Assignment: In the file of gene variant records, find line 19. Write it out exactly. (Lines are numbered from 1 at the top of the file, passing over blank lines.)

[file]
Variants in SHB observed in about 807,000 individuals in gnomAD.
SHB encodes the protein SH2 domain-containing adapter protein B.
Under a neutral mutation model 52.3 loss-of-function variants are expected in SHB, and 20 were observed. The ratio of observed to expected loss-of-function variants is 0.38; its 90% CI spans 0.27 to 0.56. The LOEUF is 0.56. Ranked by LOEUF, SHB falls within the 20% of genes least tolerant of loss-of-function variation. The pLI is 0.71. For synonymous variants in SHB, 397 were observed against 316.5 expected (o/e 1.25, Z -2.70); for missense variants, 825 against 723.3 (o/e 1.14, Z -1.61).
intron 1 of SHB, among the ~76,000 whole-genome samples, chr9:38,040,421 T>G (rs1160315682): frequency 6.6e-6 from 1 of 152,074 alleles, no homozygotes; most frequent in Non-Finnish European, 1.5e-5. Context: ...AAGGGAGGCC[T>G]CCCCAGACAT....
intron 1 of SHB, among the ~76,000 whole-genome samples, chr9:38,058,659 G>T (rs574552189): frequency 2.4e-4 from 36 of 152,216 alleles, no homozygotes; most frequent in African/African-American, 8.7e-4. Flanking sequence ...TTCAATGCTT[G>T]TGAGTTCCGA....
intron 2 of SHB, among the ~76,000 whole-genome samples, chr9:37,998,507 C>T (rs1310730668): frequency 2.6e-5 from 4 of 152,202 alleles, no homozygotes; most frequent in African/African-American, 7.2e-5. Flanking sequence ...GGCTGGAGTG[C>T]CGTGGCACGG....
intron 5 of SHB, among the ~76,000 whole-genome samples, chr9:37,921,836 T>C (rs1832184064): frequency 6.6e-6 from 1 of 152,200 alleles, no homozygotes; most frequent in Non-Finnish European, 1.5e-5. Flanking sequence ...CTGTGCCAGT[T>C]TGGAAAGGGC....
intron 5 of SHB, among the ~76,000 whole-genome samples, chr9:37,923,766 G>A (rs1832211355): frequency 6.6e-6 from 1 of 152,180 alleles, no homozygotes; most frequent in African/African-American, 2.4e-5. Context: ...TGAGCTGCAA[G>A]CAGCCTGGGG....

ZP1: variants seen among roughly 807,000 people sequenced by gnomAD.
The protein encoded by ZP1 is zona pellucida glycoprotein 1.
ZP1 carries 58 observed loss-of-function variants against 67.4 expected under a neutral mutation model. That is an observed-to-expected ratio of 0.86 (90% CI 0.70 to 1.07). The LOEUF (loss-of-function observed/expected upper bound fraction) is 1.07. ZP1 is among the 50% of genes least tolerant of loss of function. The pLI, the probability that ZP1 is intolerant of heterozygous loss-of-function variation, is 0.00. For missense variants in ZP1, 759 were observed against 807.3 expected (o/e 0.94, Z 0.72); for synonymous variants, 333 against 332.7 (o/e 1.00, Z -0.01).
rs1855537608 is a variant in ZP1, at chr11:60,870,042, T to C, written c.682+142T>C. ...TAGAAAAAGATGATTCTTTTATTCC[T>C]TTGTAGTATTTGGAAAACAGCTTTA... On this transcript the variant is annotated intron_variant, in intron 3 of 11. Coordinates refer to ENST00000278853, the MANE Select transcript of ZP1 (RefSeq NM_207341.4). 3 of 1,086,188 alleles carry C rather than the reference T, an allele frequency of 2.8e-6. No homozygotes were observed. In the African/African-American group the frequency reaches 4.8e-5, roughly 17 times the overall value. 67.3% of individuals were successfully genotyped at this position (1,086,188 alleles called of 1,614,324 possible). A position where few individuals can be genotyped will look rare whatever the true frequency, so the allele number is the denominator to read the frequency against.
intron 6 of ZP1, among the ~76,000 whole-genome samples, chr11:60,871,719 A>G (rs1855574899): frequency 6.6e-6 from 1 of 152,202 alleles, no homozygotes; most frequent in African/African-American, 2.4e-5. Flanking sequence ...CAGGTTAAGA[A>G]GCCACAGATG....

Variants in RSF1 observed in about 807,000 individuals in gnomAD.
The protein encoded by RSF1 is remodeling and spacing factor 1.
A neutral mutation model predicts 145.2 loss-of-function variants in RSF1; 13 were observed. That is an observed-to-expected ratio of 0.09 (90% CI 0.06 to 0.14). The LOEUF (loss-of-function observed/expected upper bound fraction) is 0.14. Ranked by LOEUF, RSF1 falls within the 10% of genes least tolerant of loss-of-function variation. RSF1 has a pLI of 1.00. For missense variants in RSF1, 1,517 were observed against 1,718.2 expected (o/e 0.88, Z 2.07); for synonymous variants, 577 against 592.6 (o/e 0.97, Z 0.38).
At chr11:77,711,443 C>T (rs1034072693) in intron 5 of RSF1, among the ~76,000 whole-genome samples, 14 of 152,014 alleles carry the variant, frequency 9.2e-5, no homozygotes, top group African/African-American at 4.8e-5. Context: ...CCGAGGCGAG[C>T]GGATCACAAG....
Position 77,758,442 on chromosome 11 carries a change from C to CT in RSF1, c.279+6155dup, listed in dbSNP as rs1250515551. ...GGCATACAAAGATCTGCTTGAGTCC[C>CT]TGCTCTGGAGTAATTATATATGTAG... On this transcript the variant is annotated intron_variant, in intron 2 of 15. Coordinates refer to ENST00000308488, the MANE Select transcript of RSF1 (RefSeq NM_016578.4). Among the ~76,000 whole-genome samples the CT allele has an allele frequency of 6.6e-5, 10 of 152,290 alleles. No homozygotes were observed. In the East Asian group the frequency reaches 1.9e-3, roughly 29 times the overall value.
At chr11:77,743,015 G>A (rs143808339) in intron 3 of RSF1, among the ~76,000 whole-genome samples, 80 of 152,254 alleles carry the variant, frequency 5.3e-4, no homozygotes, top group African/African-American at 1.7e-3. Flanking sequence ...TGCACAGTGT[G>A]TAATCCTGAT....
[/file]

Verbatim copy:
At chr11:77,743,015 G>A (rs143808339) in intron 3 of RSF1, among the ~76,000 whole-genome samples, 80 of 152,254 alleles carry the variant, frequency 5.3e-4, no homozygotes, top group African/African-American at 1.7e-3. Flanking sequence ...TGCACAGTGT[G>A]TAATCCTGAT....